Alexander to be PTK's new president - The Lookout - LCC's Independent Student Newspaper Since 1959
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Alexander to be PTK's new president

PTK president to be Alexander

Adam Alexander has earned many awards and lots of recognition for his work with the LCC Chapter of Phi Theta Kappa.  Photo by Mallory Stiles

Mallory Stiles

By Mallory Stiles
Editor in Chief

For those who do not know, the Phi Theta Kappa Honor Society (PTK) is an international honor society built entirely of students who attend open-access institutions.

LCC has its own chapter, known as the Mu Tau Chapter, which has been receiving a lot of recognition lately for its positive changes to campuses all across the country.

The LCC chapter will usher in a new president for the new academic year this fall: Adam Alexander. He has had a lot of positive press after his crowning moments at this year’s Catalyst Convention in Columbus, Ohio, and seems to be making a name for himself.

“I helped the Michigan Region take home the Diversity, Equity and Inclusion Hallmark Award, which was won on an international scale,” Alexander said.

He also was recognized on stage separately as a presidential candidate, held flags as an official flag bearer, and received a separate certificate for his work in the chapter, which centered on creating sensitivity training uniquely crafted for the LGBTQ+ community that quickly spread through the region like wild fire.

He said he and his team wanted to make something that could help people to discuss these matters and to keep the conversation going in the right direction.

“Preaching or teaching to people about accepting somebody that they don’t understand or know is just going to create more chaos,” he said. “We want to start an open dialogue … We want to create a system to teach.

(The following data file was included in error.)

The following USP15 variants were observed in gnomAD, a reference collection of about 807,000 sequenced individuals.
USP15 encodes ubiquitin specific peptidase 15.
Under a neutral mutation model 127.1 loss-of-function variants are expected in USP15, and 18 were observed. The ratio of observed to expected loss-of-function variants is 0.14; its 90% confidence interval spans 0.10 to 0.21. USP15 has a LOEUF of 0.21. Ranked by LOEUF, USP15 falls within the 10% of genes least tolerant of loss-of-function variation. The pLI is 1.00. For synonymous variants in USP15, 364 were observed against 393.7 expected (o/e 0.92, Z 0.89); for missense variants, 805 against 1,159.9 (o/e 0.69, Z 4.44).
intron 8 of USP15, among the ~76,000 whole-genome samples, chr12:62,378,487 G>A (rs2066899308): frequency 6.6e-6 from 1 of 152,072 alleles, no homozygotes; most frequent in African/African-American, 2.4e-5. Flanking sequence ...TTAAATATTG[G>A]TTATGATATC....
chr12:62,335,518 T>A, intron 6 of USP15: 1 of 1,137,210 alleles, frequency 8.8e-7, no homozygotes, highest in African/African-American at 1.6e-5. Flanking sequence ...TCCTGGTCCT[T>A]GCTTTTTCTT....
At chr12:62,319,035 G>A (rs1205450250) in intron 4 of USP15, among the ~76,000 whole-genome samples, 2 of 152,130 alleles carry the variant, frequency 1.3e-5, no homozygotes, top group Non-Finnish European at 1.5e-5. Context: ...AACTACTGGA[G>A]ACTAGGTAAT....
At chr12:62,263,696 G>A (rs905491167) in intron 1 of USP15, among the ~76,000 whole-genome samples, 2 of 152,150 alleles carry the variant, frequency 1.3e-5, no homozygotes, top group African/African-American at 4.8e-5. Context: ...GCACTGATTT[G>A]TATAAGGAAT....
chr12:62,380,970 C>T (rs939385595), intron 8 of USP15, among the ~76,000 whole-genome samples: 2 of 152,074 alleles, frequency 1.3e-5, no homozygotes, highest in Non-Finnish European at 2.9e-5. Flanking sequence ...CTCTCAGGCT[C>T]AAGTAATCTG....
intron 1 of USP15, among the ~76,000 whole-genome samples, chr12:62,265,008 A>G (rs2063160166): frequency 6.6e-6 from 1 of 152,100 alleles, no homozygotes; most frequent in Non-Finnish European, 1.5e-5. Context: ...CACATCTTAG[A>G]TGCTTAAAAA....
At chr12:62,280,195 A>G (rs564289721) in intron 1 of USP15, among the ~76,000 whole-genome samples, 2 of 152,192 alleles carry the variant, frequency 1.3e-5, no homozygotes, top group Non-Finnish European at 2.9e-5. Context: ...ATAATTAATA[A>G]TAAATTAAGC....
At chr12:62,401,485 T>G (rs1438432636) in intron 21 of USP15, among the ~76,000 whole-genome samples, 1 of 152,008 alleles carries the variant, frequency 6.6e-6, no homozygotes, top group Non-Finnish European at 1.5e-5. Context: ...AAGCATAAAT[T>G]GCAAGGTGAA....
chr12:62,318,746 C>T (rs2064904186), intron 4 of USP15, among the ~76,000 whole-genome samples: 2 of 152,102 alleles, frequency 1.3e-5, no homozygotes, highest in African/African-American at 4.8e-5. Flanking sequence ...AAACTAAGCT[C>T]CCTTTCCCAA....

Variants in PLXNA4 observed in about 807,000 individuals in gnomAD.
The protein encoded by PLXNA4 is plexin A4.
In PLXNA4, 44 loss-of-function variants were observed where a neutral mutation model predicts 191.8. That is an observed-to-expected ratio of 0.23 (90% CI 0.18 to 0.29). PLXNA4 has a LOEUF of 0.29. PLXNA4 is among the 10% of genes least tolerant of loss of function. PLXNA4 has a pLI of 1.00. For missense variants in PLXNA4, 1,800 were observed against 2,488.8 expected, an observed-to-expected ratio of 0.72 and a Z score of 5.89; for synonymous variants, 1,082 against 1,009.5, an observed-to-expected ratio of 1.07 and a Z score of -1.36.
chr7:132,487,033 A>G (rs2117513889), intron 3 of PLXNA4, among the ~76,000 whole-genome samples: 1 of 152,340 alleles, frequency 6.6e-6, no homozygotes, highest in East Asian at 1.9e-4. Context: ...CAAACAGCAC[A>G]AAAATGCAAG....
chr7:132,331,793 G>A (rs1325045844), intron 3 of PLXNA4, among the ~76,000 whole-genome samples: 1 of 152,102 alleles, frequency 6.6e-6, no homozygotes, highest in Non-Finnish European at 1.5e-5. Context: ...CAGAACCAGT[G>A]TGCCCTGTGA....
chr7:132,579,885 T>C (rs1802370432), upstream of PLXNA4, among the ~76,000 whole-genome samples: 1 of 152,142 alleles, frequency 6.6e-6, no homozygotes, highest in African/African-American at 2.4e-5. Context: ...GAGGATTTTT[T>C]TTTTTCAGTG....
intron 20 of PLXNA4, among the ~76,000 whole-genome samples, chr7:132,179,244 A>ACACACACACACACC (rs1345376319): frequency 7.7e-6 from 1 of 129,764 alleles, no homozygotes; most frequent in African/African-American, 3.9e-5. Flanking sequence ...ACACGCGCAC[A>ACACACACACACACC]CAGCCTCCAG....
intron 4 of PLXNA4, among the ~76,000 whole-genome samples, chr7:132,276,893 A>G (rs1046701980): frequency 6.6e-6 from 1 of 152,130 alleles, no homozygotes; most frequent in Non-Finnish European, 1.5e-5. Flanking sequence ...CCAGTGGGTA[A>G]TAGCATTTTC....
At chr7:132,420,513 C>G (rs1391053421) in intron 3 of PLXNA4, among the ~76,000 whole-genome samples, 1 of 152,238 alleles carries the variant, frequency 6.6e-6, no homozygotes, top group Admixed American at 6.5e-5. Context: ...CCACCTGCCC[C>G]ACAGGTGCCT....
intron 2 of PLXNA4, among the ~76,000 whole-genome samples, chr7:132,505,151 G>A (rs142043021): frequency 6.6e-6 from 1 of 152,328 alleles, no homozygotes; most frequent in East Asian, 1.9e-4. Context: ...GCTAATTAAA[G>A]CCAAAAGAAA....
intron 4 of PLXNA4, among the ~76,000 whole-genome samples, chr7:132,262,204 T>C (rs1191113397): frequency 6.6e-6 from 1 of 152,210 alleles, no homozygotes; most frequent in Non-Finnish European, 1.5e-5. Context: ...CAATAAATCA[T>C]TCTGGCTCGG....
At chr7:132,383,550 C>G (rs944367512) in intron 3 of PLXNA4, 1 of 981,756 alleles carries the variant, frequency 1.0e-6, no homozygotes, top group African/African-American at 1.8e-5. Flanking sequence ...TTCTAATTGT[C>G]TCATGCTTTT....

“I only expected it to be seen by a couple people; it definitely took off. I still get messages from people who want to wear our pin at graduation and support us, even now.”

Alexander, 24, is not only a student at LCC, but also is a part-time employee at LCC’s Center for Engaged Inclusion. There, he gets to do his favorite thing … work with people.

“I like being able to learn and see so many smiles,” Alexander said. “I like being able to get to interact with people you would never normally interact with. Doing this kind of work, you get to meet people from all walks of life with a lot of different backgrounds and it’s exciting.”

Alexander said his career of volunteering started all the way back when he was in fourth or fifth grade and was already the assistant coach of his chess team, on which he worked tournaments and helped teach.

From there he has always kept his passion for people alive but has been pulled in many different directions. Alexander already has an associate degree in computer programming, but is currently working toward his associate degree in applied science as a digital evidence specialist.

He recently took Theory of Parole and Criminal Law Procedure, describing it as interesting, for a total of 12 credits to finish out his spring semester. Though he wants to be in the digital world, he said he could also see himself being a graphic or video game designer.

However, no matter what he does, his attitude always leaves an impression. LCC Success Coach and advisors of PTK Laz Lane said he notices frequently the effort Alexander puts forth. He was happy to share his experience of knowing Alexander.

“He is very involved with PTK, in general,” Lane said. “Not even just here at LCC, but from a regional standpoint. There are so many things that he has been honored for.

“He is a great student. It’s amazing what he has been able to achieve and how he continues to accomplish his goals.”

Outside of his thriving academic life, Alexander has a cat named Sam and a deep love for Anime. He hates country music. He is an only child who describes his parents as kind and loving people who have always supported him.

Alexander said that it’s the tiny details of every person that should be appreciated, not just tolerated by society.

“I wish people would accept me for who I am, whether that be what I like or what I do for a living,” Alexander said. “So if I want them to accept me, I can’t just not accept them.

“That’s not how respect works, that’s not how life works.”

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